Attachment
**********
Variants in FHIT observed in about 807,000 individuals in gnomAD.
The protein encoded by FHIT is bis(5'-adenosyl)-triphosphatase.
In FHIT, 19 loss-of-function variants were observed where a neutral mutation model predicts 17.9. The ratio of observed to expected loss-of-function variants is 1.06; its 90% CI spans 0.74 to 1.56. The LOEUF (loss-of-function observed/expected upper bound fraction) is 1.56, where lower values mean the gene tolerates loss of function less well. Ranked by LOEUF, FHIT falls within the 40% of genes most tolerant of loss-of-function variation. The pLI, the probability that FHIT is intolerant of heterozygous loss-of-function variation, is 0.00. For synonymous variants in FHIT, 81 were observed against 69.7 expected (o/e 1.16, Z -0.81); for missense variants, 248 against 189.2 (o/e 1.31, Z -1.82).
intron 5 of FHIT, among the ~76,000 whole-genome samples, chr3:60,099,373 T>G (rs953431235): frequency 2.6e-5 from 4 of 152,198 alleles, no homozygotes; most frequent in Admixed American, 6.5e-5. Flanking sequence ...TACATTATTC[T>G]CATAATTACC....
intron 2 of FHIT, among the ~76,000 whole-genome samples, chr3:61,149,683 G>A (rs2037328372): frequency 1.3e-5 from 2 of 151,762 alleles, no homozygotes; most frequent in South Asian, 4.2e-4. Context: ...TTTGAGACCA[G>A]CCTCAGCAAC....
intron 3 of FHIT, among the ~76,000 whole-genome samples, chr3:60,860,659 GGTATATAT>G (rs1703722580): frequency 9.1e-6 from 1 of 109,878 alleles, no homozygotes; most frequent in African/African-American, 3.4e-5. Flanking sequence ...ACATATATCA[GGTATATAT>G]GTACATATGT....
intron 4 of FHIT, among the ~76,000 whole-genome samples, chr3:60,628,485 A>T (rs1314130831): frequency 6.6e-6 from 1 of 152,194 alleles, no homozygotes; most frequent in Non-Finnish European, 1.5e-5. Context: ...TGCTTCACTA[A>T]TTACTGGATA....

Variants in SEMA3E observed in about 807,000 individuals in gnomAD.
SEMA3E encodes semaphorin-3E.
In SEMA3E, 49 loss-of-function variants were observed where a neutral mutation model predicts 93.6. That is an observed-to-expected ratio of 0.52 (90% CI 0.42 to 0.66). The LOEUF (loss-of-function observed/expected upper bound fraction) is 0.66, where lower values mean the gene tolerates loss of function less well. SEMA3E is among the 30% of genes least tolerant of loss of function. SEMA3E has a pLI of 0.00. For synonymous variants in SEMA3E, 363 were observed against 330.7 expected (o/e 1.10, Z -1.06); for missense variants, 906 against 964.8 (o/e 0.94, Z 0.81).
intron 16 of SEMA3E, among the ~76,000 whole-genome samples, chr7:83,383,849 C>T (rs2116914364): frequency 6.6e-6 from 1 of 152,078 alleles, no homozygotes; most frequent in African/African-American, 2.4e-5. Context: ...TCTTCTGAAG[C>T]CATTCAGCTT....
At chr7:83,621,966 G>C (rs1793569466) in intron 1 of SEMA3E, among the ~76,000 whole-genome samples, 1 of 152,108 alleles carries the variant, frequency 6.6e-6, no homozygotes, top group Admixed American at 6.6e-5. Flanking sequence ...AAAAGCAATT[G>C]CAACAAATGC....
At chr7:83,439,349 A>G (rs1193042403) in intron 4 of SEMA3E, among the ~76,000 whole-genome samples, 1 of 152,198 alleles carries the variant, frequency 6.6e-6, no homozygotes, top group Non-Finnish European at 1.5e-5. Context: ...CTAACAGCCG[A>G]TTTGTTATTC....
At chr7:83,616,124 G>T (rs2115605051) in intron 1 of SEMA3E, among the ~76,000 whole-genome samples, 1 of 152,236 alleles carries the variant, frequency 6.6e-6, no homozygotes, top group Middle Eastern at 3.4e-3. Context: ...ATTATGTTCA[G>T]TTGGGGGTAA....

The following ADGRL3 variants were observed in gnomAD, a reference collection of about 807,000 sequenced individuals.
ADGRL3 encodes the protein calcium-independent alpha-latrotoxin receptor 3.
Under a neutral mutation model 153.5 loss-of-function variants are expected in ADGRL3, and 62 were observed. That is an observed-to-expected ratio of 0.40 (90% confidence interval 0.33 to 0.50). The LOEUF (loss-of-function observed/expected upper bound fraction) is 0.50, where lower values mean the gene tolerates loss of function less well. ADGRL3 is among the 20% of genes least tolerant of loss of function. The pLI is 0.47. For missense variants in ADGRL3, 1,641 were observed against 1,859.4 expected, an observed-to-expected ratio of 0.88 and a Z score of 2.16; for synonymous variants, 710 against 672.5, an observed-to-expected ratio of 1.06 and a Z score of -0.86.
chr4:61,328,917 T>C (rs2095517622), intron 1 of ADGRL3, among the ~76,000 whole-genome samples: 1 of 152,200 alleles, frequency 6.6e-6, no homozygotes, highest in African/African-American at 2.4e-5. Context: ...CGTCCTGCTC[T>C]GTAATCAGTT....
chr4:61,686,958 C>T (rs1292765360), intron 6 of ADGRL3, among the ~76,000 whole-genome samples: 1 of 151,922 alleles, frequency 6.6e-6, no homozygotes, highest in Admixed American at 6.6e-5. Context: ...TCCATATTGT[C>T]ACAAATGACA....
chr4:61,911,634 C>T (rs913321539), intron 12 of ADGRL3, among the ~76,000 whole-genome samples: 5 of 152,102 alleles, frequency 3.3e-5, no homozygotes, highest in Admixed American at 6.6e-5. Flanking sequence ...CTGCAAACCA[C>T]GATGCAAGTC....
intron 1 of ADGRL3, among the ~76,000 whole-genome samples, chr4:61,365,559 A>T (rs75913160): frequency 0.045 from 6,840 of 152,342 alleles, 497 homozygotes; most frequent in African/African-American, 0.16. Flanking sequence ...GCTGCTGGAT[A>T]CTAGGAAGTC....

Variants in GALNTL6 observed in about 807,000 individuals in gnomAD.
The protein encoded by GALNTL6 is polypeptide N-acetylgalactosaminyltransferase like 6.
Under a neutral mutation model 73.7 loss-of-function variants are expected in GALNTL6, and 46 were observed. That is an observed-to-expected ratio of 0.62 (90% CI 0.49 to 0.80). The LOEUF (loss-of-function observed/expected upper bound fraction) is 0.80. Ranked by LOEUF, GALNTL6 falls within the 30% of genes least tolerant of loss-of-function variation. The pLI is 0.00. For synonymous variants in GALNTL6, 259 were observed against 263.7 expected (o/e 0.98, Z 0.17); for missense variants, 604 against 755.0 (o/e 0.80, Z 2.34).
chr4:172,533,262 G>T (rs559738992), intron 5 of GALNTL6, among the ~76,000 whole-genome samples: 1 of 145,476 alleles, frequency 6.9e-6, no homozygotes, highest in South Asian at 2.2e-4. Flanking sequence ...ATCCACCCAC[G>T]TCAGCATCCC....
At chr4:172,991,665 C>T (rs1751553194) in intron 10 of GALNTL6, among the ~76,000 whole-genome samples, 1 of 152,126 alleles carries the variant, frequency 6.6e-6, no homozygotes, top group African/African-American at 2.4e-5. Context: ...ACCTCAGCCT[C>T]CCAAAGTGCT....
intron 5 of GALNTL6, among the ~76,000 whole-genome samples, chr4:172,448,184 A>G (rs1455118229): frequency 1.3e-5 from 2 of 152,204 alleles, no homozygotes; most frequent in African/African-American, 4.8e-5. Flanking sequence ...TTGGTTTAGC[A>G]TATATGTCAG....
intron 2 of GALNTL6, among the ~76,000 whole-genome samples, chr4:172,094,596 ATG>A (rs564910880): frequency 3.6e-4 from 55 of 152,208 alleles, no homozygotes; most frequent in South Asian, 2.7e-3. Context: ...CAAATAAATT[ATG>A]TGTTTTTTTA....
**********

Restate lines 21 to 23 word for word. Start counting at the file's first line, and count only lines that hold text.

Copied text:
intron 1 of ADGRL3, among the ~76,000 whole-genome samples, chr4:61,365,559 A>T (rs75913160): frequency 0.045 from 6,840 of 152,342 alleles, 497 homozygotes; most frequent in African/African-American, 0.16. Flanking sequence ...GCTGCTGGAT[A>T]CTAGGAAGTC....

Variants in GALNTL6 observed in about 807,000 individuals in gnomAD.
The protein encoded by GALNTL6 is polypeptide N-acetylgalactosaminyltransferase like 6.